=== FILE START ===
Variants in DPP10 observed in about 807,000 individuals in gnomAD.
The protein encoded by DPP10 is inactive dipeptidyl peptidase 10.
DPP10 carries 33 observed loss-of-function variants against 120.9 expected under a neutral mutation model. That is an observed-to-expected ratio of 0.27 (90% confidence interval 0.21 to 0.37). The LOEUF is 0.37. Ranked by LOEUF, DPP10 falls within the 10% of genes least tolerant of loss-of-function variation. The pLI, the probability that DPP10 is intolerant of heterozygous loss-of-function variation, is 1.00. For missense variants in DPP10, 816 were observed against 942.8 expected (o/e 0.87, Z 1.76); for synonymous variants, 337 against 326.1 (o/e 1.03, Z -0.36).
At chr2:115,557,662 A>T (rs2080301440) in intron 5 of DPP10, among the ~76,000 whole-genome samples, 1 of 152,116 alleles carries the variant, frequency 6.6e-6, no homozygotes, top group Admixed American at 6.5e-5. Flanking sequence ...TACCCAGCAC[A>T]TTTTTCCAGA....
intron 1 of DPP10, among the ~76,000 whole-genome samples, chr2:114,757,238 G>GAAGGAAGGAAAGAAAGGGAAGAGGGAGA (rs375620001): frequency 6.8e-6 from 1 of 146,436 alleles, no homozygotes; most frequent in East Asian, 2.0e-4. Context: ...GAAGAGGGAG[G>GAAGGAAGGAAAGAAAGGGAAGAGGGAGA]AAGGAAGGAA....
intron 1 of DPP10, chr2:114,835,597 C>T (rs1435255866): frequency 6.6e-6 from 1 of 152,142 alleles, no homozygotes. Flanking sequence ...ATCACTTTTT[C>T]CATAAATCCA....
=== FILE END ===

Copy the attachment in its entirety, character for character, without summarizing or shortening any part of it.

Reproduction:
Variants in DPP10 observed in about 807,000 individuals in gnomAD.
The protein encoded by DPP10 is inactive dipeptidyl peptidase 10.
DPP10 carries 33 observed loss-of-function variants against 120.9 expected under a neutral mutation model. That is an observed-to-expected ratio of 0.27 (90% confidence interval 0.21 to 0.37). The LOEUF is 0.37. Ranked by LOEUF, DPP10 falls within the 10% of genes least tolerant of loss-of-function variation. The pLI, the probability that DPP10 is intolerant of heterozygous loss-of-function variation, is 1.00. For missense variants in DPP10, 816 were observed against 942.8 expected (o/e 0.87, Z 1.76); for synonymous variants, 337 against 326.1 (o/e 1.03, Z -0.36).
At chr2:115,557,662 A>T (rs2080301440) in intron 5 of DPP10, among the ~76,000 whole-genome samples, 1 of 152,116 alleles carries the variant, frequency 6.6e-6, no homozygotes, top group Admixed American at 6.5e-5. Flanking sequence ...TACCCAGCAC[A>T]TTTTTCCAGA....
intron 1 of DPP10, among the ~76,000 whole-genome samples, chr2:114,757,238 G>GAAGGAAGGAAAGAAAGGGAAGAGGGAGA (rs375620001): frequency 6.8e-6 from 1 of 146,436 alleles, no homozygotes; most frequent in East Asian, 2.0e-4. Context: ...GAAGAGGGAG[G>GAAGGAAGGAAAGAAAGGGAAGAGGGAGA]AAGGAAGGAA....
intron 1 of DPP10, chr2:114,835,597 C>T (rs1435255866): frequency 6.6e-6 from 1 of 152,142 alleles, no homozygotes. Flanking sequence ...ATCACTTTTT[C>T]CATAAATCCA....